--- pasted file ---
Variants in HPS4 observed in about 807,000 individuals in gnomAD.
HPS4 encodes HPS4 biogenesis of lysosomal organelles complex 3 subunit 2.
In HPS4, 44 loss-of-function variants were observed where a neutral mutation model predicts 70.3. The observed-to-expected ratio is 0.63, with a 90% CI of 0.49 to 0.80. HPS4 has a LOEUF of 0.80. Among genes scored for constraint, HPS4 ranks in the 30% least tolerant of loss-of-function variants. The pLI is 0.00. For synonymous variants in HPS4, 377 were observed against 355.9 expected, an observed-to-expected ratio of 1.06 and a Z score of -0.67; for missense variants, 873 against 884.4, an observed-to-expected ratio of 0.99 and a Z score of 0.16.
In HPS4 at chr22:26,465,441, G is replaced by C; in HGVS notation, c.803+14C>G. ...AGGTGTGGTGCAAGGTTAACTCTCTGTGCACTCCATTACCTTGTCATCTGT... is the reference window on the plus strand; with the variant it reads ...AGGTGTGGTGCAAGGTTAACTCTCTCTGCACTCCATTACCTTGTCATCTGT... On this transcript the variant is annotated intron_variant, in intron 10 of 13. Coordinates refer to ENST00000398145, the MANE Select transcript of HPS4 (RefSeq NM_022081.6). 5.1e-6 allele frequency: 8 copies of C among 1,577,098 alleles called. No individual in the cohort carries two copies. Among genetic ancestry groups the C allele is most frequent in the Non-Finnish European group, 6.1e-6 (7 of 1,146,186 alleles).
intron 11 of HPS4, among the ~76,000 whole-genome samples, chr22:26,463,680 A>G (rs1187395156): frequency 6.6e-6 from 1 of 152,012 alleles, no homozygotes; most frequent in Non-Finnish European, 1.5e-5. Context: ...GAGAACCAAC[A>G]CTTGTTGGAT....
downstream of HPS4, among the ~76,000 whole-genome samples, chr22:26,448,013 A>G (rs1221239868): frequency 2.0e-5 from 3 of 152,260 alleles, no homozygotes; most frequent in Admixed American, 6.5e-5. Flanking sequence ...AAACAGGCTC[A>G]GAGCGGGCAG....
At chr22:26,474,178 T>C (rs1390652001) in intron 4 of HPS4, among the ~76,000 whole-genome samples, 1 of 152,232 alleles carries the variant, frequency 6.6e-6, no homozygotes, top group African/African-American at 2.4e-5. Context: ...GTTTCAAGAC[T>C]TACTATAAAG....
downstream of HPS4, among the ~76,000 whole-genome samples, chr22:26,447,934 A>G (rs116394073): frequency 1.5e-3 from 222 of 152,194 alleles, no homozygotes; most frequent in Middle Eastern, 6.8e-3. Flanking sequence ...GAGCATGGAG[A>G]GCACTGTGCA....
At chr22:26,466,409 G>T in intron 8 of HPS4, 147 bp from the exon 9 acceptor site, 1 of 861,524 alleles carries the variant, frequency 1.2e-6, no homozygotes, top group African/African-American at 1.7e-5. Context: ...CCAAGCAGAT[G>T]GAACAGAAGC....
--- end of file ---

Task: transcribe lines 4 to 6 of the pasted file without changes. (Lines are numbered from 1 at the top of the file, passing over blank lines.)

In HPS4 at chr22:26,465,441, G is replaced by C; in HGVS notation, c.803+14C>G. ...AGGTGTGGTGCAAGGTTAACTCTCTGTGCACTCCATTACCTTGTCATCTGT... is the reference window on the plus strand; with the variant it reads ...AGGTGTGGTGCAAGGTTAACTCTCTCTGCACTCCATTACCTTGTCATCTGT... On this transcript the variant is annotated intron_variant, in intron 10 of 13. Coordinates refer to ENST00000398145, the MANE Select transcript of HPS4 (RefSeq NM_022081.6). 5.1e-6 allele frequency: 8 copies of C among 1,577,098 alleles called. No individual in the cohort carries two copies. Among genetic ancestry groups the C allele is most frequent in the Non-Finnish European group, 6.1e-6 (7 of 1,146,186 alleles).
intron 11 of HPS4, among the ~76,000 whole-genome samples, chr22:26,463,680 A>G (rs1187395156): frequency 6.6e-6 from 1 of 152,012 alleles, no homozygotes; most frequent in Non-Finnish European, 1.5e-5. Context: ...GAGAACCAAC[A>G]CTTGTTGGAT....
downstream of HPS4, among the ~76,000 whole-genome samples, chr22:26,448,013 A>G (rs1221239868): frequency 2.0e-5 from 3 of 152,260 alleles, no homozygotes; most frequent in Admixed American, 6.5e-5. Flanking sequence ...AAACAGGCTC[A>G]GAGCGGGCAG....